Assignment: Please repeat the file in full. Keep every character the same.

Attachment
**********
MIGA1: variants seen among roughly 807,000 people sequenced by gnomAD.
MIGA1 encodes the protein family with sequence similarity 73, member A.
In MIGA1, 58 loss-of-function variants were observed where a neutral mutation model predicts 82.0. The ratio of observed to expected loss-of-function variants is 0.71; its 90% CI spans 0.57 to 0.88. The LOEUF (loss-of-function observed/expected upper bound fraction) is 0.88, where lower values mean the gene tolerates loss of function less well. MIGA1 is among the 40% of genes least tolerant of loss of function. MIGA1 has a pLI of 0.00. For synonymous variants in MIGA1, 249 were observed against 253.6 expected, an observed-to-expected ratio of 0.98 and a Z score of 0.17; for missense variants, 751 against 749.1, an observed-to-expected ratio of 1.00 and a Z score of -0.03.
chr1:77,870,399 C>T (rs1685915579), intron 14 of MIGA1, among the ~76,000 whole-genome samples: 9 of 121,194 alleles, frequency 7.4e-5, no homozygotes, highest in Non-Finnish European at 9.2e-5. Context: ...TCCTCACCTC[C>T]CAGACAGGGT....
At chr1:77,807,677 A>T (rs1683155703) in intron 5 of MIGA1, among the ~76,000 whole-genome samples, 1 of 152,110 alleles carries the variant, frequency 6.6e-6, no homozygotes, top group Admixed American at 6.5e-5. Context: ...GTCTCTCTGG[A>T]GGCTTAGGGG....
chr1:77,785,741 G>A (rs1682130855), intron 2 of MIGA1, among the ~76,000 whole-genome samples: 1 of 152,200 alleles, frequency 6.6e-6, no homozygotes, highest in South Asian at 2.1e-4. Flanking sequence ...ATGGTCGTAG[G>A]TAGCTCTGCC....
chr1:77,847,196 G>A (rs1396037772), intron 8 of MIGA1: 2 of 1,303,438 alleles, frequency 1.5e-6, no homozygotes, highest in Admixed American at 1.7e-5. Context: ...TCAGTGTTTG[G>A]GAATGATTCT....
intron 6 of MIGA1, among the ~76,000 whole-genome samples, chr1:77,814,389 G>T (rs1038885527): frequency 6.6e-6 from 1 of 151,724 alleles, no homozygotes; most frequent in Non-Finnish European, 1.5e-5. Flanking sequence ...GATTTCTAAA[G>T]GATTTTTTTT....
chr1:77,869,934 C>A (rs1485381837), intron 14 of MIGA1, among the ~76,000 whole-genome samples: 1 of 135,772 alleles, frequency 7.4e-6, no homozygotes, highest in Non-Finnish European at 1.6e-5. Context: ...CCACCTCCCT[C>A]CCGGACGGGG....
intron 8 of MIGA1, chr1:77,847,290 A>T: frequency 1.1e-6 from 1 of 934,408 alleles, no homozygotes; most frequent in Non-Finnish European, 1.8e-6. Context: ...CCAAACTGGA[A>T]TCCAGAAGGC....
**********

MIGA1: variants seen among roughly 807,000 people sequenced by gnomAD.
MIGA1 encodes the protein family with sequence similarity 73, member A.
In MIGA1, 58 loss-of-function variants were observed where a neutral mutation model predicts 82.0. The ratio of observed to expected loss-of-function variants is 0.71; its 90% CI spans 0.57 to 0.88. The LOEUF (loss-of-function observed/expected upper bound fraction) is 0.88, where lower values mean the gene tolerates loss of function less well. MIGA1 is among the 40% of genes least tolerant of loss of function. MIGA1 has a pLI of 0.00. For synonymous variants in MIGA1, 249 were observed against 253.6 expected, an observed-to-expected ratio of 0.98 and a Z score of 0.17; for missense variants, 751 against 749.1, an observed-to-expected ratio of 1.00 and a Z score of -0.03.
chr1:77,870,399 C>T (rs1685915579), intron 14 of MIGA1, among the ~76,000 whole-genome samples: 9 of 121,194 alleles, frequency 7.4e-5, no homozygotes, highest in Non-Finnish European at 9.2e-5. Context: ...TCCTCACCTC[C>T]CAGACAGGGT....
At chr1:77,807,677 A>T (rs1683155703) in intron 5 of MIGA1, among the ~76,000 whole-genome samples, 1 of 152,110 alleles carries the variant, frequency 6.6e-6, no homozygotes, top group Admixed American at 6.5e-5. Context: ...GTCTCTCTGG[A>T]GGCTTAGGGG....
chr1:77,785,741 G>A (rs1682130855), intron 2 of MIGA1, among the ~76,000 whole-genome samples: 1 of 152,200 alleles, frequency 6.6e-6, no homozygotes, highest in South Asian at 2.1e-4. Flanking sequence ...ATGGTCGTAG[G>A]TAGCTCTGCC....
chr1:77,847,196 G>A (rs1396037772), intron 8 of MIGA1: 2 of 1,303,438 alleles, frequency 1.5e-6, no homozygotes, highest in Admixed American at 1.7e-5. Context: ...TCAGTGTTTG[G>A]GAATGATTCT....
intron 6 of MIGA1, among the ~76,000 whole-genome samples, chr1:77,814,389 G>T (rs1038885527): frequency 6.6e-6 from 1 of 151,724 alleles, no homozygotes; most frequent in Non-Finnish European, 1.5e-5. Flanking sequence ...GATTTCTAAA[G>T]GATTTTTTTT....
chr1:77,869,934 C>A (rs1485381837), intron 14 of MIGA1, among the ~76,000 whole-genome samples: 1 of 135,772 alleles, frequency 7.4e-6, no homozygotes, highest in Non-Finnish European at 1.6e-5. Context: ...CCACCTCCCT[C>A]CCGGACGGGG....
intron 8 of MIGA1, chr1:77,847,290 A>T: frequency 1.1e-6 from 1 of 934,408 alleles, no homozygotes; most frequent in Non-Finnish European, 1.8e-6. Context: ...CCAAACTGGA[A>T]TCCAGAAGGC....